However, there is a way to decrypt document contents without password restoring-that is the so-called keyspace attack. Keep in mind that a protected MS Word/Excel document is encrypted with the help of RC4 algorithm, on a key, computed by a password. The encryption key in the "97/2000 Compatible" mode, has a relatively small length-40 bit. This allows the sorting out of all 2^40 key values, to find a true value of the key, and to decrypt the document. Such an approach requires considerable, yet limited computer power, and a fortiori leads to a result.

There are several commercial services developed for decryption of MS Office documents, realizing keyspace attack. As a rule, it takes about a week to restore a document. However, in many cases such a length of time is too long for a user.

Limited keyspace size allows the waiting period to be shortened owing to the usage of precomputations. Nevertheless, the presence of a random sequence in the password verification scheme does not allow the carrying out of such an optimization.

At the same time, for verification of the encryption key, a user can, in addition to the document control sequences, use encrypted file contents. After decryption of the document is accomplished, and the result meets pre-formulated conditions, we can determine if the key is wittingly spurious. At the same time, the usage of encryption algorithm features allows a noticeable decrease in the complexity of the attack. The RC4 algorithm represents a byte-oriented stream cipher, which works in OFB mode (output feedback). This means that during encryption each byte of source plaintext is exposed by the XOR operation with a byte of pseudorandom gamma, which is generated from the key. The gamma byte depends on the key and the position in a stream, and does not depend on the stream being encrypted. This, in its turn, means that key-gamma adequacy can be precomputed.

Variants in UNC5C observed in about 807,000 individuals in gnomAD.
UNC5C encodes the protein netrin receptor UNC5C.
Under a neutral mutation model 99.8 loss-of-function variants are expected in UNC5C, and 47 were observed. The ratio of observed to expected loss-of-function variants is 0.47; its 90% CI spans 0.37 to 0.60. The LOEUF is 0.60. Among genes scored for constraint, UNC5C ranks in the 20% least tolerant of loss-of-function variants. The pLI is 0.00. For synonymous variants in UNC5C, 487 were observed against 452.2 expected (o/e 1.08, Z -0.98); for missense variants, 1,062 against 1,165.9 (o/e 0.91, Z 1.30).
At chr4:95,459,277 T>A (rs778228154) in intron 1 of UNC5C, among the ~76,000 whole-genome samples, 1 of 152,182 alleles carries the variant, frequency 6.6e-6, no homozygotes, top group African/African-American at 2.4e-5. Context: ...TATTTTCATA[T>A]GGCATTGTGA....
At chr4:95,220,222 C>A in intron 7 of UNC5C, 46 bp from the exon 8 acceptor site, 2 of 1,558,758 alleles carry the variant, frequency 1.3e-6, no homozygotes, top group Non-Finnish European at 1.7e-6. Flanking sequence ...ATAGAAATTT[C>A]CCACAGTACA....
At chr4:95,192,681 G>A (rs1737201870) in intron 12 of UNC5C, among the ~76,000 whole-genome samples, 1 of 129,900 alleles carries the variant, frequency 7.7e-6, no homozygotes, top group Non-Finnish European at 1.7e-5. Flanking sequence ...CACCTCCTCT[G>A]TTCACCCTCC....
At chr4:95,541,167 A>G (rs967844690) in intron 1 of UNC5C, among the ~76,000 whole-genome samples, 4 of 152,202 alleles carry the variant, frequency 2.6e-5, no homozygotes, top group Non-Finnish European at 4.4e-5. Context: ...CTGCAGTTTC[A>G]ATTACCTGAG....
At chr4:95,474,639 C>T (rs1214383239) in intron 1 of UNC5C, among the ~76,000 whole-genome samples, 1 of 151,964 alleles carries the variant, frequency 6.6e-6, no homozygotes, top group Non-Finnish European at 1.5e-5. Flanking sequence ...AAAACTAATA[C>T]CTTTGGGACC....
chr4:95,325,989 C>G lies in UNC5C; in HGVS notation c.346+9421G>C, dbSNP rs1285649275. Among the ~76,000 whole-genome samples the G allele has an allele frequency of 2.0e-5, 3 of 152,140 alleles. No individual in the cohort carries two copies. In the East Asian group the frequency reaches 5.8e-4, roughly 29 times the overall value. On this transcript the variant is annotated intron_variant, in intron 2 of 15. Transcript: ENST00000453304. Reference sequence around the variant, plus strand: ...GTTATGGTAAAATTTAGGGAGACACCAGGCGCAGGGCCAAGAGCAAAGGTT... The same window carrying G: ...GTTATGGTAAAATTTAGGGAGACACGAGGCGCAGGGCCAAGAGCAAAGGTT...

Many records in an MS Office document's structure have predefined (or partially predefined) values. Having an available encrypted document makes it possible to make a number of suppositions concerning gamma values, and therefore, about the encryption key as well. Assume that we know that in bytes of plaintext, located in the "m" and "n" positions respectively, high bits coincide with each other. Then high bits in corresponding bytes of the encrypted text during an XOR operation would have the same value, as the gamma bits do. This allows us to precompute all 2^40 gamma values and subdivide the keys into two categories-those for which, as a result of an XOR operation, gamma bytes in the "m" and "n" positions result in a high bit equaling 0, and those where the high bit equals 1. Now, when we have an encrypted document, we can easily figure out in which category we should search for the encryption key. Thus, the amount of necessary computations is halved. By using similar methods, we can noticeably speed up key search.

When using keyspace attack schemes, which are based on precomputations, you may encounter technical difficulties, bounded up with the necessity of operating with large amounts of data. Thus, simple storing of a full gamma-key list requires up to 10 Tb. However, thanks to using specially developed algorithmic and software/hardware solutions, it becomes possible to provide a high speed of operating with the data precomputed.

If you are interested in acquainting yourself with the results of using the approach described above, please visit the http://www.decryptum.com website. The MS Word/Excel password protected documents decryption service, provided by Passware Inc., will instantly cope with almost any file. See details about features of the service on the http://www.decryptum.com website.

* Hashing algorithm MD5 is described in RFC1321 (http://www.ietf.org/rfc/rfc1321.txt).

** Stream encryption algorithm RC4 is the property of the RSADSI Corporation.